But Ratcliffe brings up a point well worth discussing outside the specific example of Landesberg: where can young players best be developed?
Arguably, Landesberg was a worse player as a sophomore at Virginia than as a freshman. The guard won ACC Rookie of the Year in 2008-09, beating out sure-fire lottery pick Al-Farouq Aminu of Wake Forest and first-round lock Ed Davis of UNC. Landesberg put up basically identical numbers this season. His supporting cast has been pretty bad, and the team was 214th out of 347 D-I teams in shooting this season. This doesn't excuse Landesberg from culpability -- he took more shots than any other UVA player, and shot no better than the team as a whole. But, in other words, the program didn't really set Landesberg up for success.
(I should also mention that Virginia this season played at one of the slowest tempos in the nation, roughly five possessions per game fewer than average. Landesberg is a great ballhandler and fine athlete, but not a clever passer or particularly adept shooter, and those types tend to do better in more up-tempo settings than halfcourt systems. Coach Bennett, the son of legendary Wisconsin coach Dick Bennett, took over at the end of Landesberg's freshman season and slowed things way down.)
So Landesberg didn't improve (according to the numbers) at UVA, and the team around didn't look like it was getting much better. What exactly is the point of staying, if not for the free top-notch education? If Landesberg is interested in becoming a professional basketball player and isn't interested in art class, isn't it within the realm of possibilities there could be a better option?
Ratcliffe, in his column, jokes that Landesberg might well end up in the NBA D-League, supposing he goes undrafted or is drafted by a team who'd prefer to stash him in the minor league for player development purposes. Ratcliffe makes it pretty clear that in his opinion, the D-League is inferior to the ACC. But for Landesberg's purposes and goals, is that necessarily the case? Again, Landesberg didn't improve under Bennett. His team is constantly overmatched, and the team plays a style perhaps not conducive to his style. That's not a wag of the finger at the UVA coach (considered one of the nation's finest) -- that's just stats-based reality. Will Landesberg do better in the D-League, or Europe? That remains to be seen. (DX's Jonathan Givony has previously reported that because Landesburg's father is Jewish, Landesburg could apply for an Israeli passport and play in that league next season, I believe without counting as a foreign player.)
Don't forget also that the D-League obviously offers a clearer path directly to the NBA. The number of call-ups this season has been staggering. And the called-up players aren't all just visiting for cups of coffee. Anthony Tolliver made it onto league-sanctioned wallpaper, for crêpe's sake. Ratcliffe mentions Greivis Vasquez, the Maryland point guard who did greatly improve his draft stock by staying for his senior season. (Vasquez flirted with the draft last spring, realized he had a strong chance of going undrafted, and went back to school. He figures to be in the first-round conversation this June.) But Landesberg has no guarantee he can follow Vasquez's path -- again, the Maryland system had much better co-stars, and one could argue Gary Williams's style fit the freelancing Vasquez pretty well. And still, there's no guarantee Vasquez will land guaranteed money. There's no guarantee Vasquez himself won't be in D-League next season.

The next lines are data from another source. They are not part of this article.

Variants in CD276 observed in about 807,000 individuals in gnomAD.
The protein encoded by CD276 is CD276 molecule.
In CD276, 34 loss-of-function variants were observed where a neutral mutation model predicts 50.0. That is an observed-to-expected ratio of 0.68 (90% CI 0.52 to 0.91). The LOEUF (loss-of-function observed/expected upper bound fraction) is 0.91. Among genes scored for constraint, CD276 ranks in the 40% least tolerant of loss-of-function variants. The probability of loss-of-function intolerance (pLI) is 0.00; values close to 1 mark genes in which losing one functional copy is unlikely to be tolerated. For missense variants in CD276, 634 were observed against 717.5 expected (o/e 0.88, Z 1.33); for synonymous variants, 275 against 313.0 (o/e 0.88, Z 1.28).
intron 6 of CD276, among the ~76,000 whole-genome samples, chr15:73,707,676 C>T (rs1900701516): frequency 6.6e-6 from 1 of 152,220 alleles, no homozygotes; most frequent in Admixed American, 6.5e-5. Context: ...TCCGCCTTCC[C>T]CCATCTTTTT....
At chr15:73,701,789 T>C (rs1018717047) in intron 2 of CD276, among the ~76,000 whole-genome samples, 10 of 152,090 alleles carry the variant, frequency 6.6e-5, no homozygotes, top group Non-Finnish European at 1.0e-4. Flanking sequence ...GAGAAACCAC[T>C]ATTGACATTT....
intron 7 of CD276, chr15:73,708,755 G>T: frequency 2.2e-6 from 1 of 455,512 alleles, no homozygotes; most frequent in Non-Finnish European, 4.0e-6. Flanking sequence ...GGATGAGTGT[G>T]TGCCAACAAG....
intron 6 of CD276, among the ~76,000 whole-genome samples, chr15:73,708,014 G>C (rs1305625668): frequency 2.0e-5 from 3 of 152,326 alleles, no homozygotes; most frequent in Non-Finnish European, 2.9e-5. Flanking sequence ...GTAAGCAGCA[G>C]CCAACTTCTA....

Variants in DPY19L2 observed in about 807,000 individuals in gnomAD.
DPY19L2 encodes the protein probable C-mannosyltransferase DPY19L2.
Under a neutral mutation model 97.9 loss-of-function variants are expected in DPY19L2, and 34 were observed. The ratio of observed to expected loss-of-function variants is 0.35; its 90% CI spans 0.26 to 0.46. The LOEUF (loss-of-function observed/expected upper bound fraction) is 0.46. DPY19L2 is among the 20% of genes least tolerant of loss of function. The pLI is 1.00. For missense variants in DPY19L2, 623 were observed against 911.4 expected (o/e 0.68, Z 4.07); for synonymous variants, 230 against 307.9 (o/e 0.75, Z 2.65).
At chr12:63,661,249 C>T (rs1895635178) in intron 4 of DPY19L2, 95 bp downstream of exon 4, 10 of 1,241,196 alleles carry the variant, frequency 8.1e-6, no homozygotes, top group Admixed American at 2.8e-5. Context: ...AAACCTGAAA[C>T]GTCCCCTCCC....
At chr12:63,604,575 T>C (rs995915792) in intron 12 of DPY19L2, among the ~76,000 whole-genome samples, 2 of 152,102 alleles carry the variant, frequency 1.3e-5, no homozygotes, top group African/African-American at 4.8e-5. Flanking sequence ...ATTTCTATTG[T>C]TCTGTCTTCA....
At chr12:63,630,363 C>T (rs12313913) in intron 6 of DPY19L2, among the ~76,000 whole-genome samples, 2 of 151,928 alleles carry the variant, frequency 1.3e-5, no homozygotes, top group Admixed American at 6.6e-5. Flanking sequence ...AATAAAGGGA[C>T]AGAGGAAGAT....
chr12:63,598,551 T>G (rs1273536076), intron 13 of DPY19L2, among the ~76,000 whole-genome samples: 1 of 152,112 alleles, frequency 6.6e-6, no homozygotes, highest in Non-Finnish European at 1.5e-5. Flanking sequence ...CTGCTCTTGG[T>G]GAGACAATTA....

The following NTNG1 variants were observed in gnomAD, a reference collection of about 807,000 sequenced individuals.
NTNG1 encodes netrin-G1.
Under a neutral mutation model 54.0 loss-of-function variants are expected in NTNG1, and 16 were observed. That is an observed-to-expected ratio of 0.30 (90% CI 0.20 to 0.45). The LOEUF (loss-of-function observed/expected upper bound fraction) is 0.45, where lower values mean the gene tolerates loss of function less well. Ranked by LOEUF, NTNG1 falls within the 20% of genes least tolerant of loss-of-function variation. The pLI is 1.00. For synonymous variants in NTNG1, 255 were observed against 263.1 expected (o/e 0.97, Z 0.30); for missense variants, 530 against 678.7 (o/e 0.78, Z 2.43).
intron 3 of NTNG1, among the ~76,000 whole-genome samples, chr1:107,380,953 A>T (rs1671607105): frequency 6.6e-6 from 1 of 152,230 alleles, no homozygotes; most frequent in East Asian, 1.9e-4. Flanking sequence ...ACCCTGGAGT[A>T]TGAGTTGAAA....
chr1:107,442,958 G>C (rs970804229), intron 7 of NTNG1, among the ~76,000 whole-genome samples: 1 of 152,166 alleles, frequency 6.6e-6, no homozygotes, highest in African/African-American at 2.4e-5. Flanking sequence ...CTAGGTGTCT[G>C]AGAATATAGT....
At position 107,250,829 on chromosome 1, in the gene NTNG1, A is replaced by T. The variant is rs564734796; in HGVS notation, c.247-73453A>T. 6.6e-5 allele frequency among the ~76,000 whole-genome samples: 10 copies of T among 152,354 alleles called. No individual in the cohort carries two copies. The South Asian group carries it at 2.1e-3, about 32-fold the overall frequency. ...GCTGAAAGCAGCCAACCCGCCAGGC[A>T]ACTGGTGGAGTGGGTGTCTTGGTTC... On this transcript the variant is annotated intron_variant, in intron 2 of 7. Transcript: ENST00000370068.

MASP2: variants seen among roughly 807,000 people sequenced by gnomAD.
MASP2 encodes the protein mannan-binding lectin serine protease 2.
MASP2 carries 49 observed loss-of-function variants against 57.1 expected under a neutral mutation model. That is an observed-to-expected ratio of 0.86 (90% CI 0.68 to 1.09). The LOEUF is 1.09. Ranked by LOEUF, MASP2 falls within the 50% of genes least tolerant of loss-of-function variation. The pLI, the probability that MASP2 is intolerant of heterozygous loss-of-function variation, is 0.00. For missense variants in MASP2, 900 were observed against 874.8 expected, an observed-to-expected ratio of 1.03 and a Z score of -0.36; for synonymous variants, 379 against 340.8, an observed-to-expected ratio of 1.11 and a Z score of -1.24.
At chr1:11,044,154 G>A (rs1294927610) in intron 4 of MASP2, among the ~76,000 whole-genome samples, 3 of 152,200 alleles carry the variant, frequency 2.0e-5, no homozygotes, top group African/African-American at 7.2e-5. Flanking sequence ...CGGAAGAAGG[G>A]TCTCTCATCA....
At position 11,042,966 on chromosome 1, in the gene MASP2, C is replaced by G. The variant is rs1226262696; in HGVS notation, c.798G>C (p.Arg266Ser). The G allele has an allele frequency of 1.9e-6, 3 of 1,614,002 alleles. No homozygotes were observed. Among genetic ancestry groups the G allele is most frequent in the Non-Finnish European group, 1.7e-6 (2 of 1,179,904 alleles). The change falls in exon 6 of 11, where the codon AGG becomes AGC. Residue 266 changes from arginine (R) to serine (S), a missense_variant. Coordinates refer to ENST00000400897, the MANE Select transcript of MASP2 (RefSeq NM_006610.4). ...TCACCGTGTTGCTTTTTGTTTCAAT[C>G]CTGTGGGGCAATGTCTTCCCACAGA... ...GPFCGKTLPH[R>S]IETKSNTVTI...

I don't profess to know whether Landesberg's lack of development of UVA is an indictment of Landesberg himself, the situation or the school. But it's clear it didn't work. It's untenable, to me, to criticize Landesberg for trying something different. And it will untenable to argue that if he does not get drafted in the first round this June his gambit has failed. There are many different paths to the NBA, and Landesberg has decided that the most familiar one isn't working out for him.
I also don't aim to give Landesberg a free pass for ditching his teammates by virtue of ditching school. That's a knock, one which won't likely escape NBA decision-makers come June. But draft stock isn't the ultimate goal here. A pro basketball career is. And if Landesberg and others can develop their games more effectively in the D-League or Europe than in big-conference college ball, then it'll pay off in the long run.
UPDATE: After publishing this, I heard from two fellows who made some great points about Landesberg's sophomore season. Clarence Gaines (@cjrock24 on Twitter) used to work as an NBA scout. On Twitter, he wrote about what he saw from Landesberg earlier in the season, and discussed the Bennetts as coaches.
Ben Allaire of DearOldUVA.com also checked in with some thoughts on Landesberg's season under Bennett. This is a snip of that dispatch.
Landesberg improved substantially. He improved all the aspects of his game that scouts ratted him out on: assist rate, turnover rate, three-point shooting. All of this while upping his usage rate significantly. I agree that his teammates are crap - even running mate and high eFG% guy Mike Scott had a schizophrenic year, but is it possible that he's completely and totally getting the short shrift here?That is highly possible; my assertion he hasn't improved since his freshman looked more at his scoring, which is to say he's no more efficient overall (due to a dip in foul-drawing) than he was as a freshman. But Ben has seen much more Landesberg than I, so I'll defer on that point.
It's clear that Landesberg, however, thinks he can either better develop his game at the next level (whatever that may be) or is ready to make his case to the NBA. We'll see.